Strymon El Capistan: Another one of my favorites that is almost always on my board. Though digital, it’s some of the most organic tape-echo sounds I’ve heard in a pedal. I use it with a pretty long echo on solos and more spacey moments. It sounds so good!
Strymon Flint: This is another great pedal from Strymon. It’s a dual pedal- one side is a reverb and the other is tremolo. I mostly use it for the reverb- either a light room or huge hall depending on what I’m doing. I don’t use tremolo a lot, but when I do, I have it really choppy and chunky. A cool thing about this pedal is you can assign the order of the two sides and I have the tremolo feed into the reverb- so it’s choppy, but it trails a little and has body.
Boss RC-300: GIRAFFES? GIRAFFES! has always done a lot of looping. I started off looping with a Boss RC-20 and an Akai Headrush, but have upgraded over the years. The RC-300 is essentially three loopers in one and I have song presets saved for the right configurations. For example, I might have two of the loopers in sync with each other and the other a sort of a free-floating loop for ambient sounds. Having the three loopers has been really helpful with transitioning out of loops–this way, I can treat it like “steps down stairs” and not always have loops end so abruptly. The only thing is that I wish it was smaller–it takes up so much space! I’m tempted to hacksaw off the expression pedal, but I think that would just break it.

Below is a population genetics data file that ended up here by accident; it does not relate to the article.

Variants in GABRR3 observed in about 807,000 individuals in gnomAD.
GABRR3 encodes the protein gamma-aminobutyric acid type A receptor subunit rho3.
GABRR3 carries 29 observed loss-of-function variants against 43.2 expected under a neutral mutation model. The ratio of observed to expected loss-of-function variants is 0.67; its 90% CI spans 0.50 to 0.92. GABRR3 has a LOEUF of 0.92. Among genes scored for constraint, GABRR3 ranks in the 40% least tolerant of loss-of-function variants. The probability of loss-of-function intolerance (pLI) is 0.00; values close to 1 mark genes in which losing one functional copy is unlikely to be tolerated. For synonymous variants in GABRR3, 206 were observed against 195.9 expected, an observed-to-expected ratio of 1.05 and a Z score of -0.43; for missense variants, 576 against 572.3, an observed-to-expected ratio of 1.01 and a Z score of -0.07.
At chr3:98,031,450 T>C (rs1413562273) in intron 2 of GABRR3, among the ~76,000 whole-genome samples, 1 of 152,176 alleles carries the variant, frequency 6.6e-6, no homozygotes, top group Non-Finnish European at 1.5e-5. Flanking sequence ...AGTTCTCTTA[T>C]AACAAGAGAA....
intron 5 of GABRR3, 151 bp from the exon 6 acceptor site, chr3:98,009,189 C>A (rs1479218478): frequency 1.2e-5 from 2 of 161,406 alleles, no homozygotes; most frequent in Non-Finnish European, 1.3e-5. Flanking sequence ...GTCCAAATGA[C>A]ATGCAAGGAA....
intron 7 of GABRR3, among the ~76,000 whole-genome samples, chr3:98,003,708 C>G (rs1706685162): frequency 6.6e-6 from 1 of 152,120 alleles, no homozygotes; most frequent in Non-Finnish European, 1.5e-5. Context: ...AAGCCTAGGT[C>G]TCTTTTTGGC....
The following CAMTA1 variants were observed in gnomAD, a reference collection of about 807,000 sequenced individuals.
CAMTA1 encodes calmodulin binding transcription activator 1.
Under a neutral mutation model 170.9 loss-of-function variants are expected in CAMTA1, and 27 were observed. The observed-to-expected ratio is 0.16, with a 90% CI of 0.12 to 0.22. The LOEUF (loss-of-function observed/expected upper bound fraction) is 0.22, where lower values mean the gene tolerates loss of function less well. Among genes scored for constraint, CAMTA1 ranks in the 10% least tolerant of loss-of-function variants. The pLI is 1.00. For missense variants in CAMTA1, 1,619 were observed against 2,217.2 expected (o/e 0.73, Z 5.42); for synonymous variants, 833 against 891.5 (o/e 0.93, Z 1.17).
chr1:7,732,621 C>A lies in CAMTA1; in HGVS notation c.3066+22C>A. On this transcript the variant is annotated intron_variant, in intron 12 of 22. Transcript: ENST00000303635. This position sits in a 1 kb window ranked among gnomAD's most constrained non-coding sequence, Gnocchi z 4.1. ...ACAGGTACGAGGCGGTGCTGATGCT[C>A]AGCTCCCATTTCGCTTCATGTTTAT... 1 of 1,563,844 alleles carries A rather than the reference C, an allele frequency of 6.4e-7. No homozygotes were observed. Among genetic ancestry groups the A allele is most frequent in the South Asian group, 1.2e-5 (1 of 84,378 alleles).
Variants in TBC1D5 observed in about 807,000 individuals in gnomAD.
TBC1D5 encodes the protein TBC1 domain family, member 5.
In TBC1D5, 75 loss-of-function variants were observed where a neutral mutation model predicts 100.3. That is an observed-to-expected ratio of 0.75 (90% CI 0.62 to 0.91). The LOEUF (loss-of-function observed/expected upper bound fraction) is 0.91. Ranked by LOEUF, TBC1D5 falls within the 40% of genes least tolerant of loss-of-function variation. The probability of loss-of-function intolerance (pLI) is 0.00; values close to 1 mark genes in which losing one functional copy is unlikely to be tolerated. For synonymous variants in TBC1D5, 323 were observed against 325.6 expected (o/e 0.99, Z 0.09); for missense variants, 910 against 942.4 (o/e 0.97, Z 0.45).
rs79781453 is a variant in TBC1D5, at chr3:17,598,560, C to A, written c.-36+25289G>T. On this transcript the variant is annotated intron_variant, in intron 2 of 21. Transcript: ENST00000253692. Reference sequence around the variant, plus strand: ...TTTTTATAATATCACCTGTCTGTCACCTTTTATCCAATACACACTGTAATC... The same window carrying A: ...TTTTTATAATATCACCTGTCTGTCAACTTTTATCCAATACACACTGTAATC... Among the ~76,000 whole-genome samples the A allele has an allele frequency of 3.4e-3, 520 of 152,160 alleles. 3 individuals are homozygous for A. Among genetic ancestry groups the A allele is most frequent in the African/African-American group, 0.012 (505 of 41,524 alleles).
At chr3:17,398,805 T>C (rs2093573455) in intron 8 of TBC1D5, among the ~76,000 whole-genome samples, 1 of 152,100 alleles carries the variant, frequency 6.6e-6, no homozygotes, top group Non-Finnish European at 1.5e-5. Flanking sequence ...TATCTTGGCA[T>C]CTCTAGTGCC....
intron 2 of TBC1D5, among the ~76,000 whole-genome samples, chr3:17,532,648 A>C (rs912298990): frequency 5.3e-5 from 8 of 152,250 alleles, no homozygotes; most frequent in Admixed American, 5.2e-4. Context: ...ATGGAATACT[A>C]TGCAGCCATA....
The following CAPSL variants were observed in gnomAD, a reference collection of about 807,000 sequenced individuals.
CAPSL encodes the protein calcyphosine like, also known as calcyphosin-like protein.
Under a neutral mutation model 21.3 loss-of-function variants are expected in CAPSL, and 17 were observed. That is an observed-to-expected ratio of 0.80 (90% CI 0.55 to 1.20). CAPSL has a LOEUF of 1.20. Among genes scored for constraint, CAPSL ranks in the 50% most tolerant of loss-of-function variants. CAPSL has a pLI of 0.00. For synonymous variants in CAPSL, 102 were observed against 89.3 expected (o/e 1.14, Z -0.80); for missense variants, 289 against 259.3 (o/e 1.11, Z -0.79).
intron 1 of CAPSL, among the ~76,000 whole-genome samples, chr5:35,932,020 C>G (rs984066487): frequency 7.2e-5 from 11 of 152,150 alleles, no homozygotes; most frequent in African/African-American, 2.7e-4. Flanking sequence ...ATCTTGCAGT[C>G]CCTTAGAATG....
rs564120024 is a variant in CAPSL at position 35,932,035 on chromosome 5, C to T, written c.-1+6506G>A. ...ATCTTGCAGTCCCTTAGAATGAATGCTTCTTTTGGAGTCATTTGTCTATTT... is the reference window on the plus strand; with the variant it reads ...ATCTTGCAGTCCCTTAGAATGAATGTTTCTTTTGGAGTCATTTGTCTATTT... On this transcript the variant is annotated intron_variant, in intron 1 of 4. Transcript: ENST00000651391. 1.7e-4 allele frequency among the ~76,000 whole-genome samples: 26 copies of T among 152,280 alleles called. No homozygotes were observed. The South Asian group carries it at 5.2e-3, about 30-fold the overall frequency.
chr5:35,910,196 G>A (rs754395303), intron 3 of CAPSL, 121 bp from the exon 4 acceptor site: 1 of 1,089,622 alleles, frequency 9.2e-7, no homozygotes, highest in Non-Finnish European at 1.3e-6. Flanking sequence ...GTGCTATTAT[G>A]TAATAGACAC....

All these sounds get fed into an Orange AD140 and CR120 with Orange cabs. I’ve been using Orange since the early 2000s and it’s been a good fit. With these amps (and their wattage) there’s enough headroom to really crank it without it breaking up too much and I still have a warm, cleanish, sound that’ll take pedals well.
For guitars, I use a Fender American Vintage ’62 Jazzmaster (with Curtis Novak Wide-Range Humbuckers), a 1974 Guild S-100, and a modern Guild S-100 – all with Ernie Ball Slinkys.